A cabinet card portrait of the musical prodigy Ernest Bonnay and his xylophone. According to an inked inscription on the reverse of the mount, the photograph was taken in April 1867, at which time the xylophone was considered a great novelty.
An advertisement in The Times on 16 May 1866 publicized Mademoiselle Pauline Lucca’s ‘First Grand Morning Concert in England on Monday, May 21, at the St James’s-hall.’ Among the many performers taking part, the advertisement mentioned ‘Master Ernest Bonnay will make his first appearance in England, and perform an Air Varié by Mayseder on the Xylophone’.
Another advertisement appeared on 22 May 1866. Bonnay was due to take part in a ‘Mr Benedict’s Grand Musicale Matinee’ at Dudley House on Friday 25 May. Also taking part were ‘eminent artistes from the Royal Italian Opera and Her Majesty’s Theatre.’
A series of further advertisements touted his appearance on Wednesday 13 June 1866 at a ‘Grand Opera Concert’ at the Royal Italian Opera in Covent Garden. According to a review in Bell’s Life in London and Sporting Chronicle (16 June 1866): ‘Master Ernest Bonnay played a novel kind of musical instrument called the Xylophone, his dexterity and easy manipulation of which led the audience to demand a repetition of the feat.’
On Wednesday 18 July he took part in a similar event at the same venue, with Adelina Patti as the main attraction.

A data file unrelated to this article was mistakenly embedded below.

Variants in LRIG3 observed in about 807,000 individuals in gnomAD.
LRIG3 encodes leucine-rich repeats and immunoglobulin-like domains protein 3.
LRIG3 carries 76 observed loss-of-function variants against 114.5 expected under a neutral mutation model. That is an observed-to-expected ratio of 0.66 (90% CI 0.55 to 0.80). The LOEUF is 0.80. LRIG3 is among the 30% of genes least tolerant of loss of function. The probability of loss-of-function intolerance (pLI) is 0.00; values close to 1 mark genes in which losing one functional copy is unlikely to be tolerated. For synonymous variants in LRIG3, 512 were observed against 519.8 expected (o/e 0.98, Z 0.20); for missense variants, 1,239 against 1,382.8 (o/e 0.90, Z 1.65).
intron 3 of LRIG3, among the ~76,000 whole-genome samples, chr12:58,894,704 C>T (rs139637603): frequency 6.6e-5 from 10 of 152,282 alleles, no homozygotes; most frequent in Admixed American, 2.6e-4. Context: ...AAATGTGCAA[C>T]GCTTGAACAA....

In August of the same year he was appearing ‘every evening at 8’ at the Royal Italian Opera House as part of ‘Mr Alfred Mellon’s Concerts.’ According to a review in The Times (20 August 1866): ‘To this followed a solo on the xylophone by Master Bonnay, whose extraordinary talent deserves a better medium for display. After executing an air with variations (by Mayseder – originally for violin) with an accent, taste, and correctness beyond praise, he, at the universal desire of the audience, resumed his sticks, and played a lively waltz, (“The Birds of the Forest”), the composition of his father, which was applauded with the same enthusiasm. Master Bonnay, in his way, is really a phenomenon.’
A year later he was back at the same venue, when a review in The Times (16 August 1867) again singled him out for special praise: ‘The most thoroughly satisfactory of the instrumental solos were performed on that singular instrument, the xylophone, by “Le Petit Bonnay,” who gave the same pieces (he, too, being encored) as last year, and with the same perfection.’
Photographed at the London studio of the great Parisian photographer A.A.E. Disdéri. An extensive inked inscription verso in French explains exactly what a xylophone is and enthuses about Bonnay’s talent and repertoire, which included Rossini’s William Tell overture.
condition: The print presents some spotting, mainly in the area of the background, and a slight loss of
tone towards the upper edge of the image. The print is otherwise in excellent condition, as is the mount.
|Back to list...